Canine and Feline Dentistry
Preface C l i n i c a l Ve t e r i n a r y D e n t i s t r y
Steven E. Holmstrom, DVM, DAVDC Editor
Most recently, small animal dental editions of Veterinary Clinics of North America have been published in 1986, 1992 (feline), 1998 (canine), and 2005. This issue of Veterinary Clinics of North America serves as a clinically oriented update on veterinary dentistry. Veterinary dentistry is best practiced as an annual renewable service of every dog and cat every year of their life. It is our goal to aid the day-to-day practitioner in their practice of providing quality dental service for their clients and their patients. Oral care is essential for optimum health and quality of life. There is a standard of care that must be provided for veterinary services; this standard is documented in the first article. Many therapeutic and decision-making skills are used in planning and executing this standard of care, as covered in the second article. Arguably the most important advancement in veterinary dentistry in the past decade is the addition of digital intraoral radiography. Three articles are devoted to this very important area in veterinary dentistry. The articles include oral and dental imaging equipment and techniques to get good intraoral radiographs, and the interpretation of these radiographs for dogs and cats. Oral inflammation in both the dog and the cat continues to be a challenge to the practitioner. The reality is that many problems can be solved by extraction of the teeth; therefore, an article has been devoted to simple and surgical exodontia. The veterinarian is often called on to surgically treat maxillofacial disease and one article has been devoted to equipment, whereas another article has been devoted to the surgical treatment of various oral conditions. The article includes congenital malformation, fractures, and neoplasia. An article has been devoted to the technologies of laser and electro/radiosurgery. And last, but not least, a clinical update on anesthesia and pain management has been included. The understanding of pain and its control has gone hand in hand with the development of veterinary dentistry. It is hoped that this edition will aid the day-to-day practitioner in the practice of this discipline. It is a compilation of work by veterinary dentists involved both in private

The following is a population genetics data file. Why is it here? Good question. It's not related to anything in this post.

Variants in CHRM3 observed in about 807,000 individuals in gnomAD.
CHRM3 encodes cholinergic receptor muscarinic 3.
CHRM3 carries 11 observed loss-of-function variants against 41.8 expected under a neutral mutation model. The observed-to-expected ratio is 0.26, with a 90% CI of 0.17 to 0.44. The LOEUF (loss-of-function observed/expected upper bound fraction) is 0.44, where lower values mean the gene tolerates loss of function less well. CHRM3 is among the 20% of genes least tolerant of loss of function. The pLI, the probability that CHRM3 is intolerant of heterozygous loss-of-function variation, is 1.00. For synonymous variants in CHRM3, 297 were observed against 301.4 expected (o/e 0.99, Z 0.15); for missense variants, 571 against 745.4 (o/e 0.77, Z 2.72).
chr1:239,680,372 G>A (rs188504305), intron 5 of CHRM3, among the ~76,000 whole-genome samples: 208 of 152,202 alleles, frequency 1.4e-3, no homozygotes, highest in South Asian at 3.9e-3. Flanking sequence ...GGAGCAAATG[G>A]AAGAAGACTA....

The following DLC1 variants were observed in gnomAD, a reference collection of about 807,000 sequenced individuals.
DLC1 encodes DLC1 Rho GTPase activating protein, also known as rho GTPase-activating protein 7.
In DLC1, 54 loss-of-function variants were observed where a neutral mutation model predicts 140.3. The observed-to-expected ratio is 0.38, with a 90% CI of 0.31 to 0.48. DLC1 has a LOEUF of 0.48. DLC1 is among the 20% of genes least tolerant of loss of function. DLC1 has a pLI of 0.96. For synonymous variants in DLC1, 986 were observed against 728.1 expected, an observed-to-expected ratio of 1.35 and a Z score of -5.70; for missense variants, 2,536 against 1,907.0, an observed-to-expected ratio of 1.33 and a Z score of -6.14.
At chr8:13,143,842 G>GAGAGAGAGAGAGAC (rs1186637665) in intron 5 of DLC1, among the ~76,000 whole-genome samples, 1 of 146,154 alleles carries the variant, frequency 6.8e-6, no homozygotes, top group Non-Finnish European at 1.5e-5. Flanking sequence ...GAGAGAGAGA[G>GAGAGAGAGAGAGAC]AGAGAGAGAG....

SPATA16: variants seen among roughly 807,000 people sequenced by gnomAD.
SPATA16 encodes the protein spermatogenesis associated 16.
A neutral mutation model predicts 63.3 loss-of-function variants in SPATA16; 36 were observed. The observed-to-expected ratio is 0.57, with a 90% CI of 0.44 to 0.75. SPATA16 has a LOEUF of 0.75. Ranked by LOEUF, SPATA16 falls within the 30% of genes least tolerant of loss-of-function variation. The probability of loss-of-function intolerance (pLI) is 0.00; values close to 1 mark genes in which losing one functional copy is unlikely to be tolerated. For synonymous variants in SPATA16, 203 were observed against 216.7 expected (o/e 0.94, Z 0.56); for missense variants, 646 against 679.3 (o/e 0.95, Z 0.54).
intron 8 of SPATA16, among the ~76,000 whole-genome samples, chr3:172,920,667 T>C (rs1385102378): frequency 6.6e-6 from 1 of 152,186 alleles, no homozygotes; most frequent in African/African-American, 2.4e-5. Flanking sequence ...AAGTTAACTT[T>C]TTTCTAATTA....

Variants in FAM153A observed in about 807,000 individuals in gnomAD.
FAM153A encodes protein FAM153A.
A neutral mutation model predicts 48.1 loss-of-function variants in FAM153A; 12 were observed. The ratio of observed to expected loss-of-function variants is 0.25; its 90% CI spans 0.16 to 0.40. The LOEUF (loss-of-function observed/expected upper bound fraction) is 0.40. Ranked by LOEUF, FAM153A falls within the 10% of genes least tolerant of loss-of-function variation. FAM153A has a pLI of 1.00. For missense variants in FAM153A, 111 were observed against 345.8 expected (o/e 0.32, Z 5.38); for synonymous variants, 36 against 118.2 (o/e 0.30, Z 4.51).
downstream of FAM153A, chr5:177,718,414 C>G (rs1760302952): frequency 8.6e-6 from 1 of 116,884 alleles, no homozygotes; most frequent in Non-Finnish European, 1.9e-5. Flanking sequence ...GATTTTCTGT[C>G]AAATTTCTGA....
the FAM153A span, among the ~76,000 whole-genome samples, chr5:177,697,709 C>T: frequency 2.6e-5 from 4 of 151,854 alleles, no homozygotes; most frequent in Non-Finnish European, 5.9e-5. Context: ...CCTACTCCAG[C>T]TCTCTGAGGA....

Vet Clin Small Anim 43 (2013) ix–x http://dx.doi.org/10.1016/j.cvsm.2013.02.013 0195-5616/13/$ – see front matter Ó 2013 Published by Elsevier Inc.
practice and at universities. I would like to thank the veterinary dental community for their generosity in the sharing of knowledge that has taken place on almost a daily basis over the Internet and on a yearly basis at such meetings as the Veterinary Dental Forum (www.veterinarydentalforum.com). Such sharing, as well as the individual contributions herein, helped to make this issue possible. Steven E. Holmstrom, DVM, DAVDC Animal Dental Clinic 987 Laurel Street San Carlos, CA 94070, USA E-mail address: [email protected]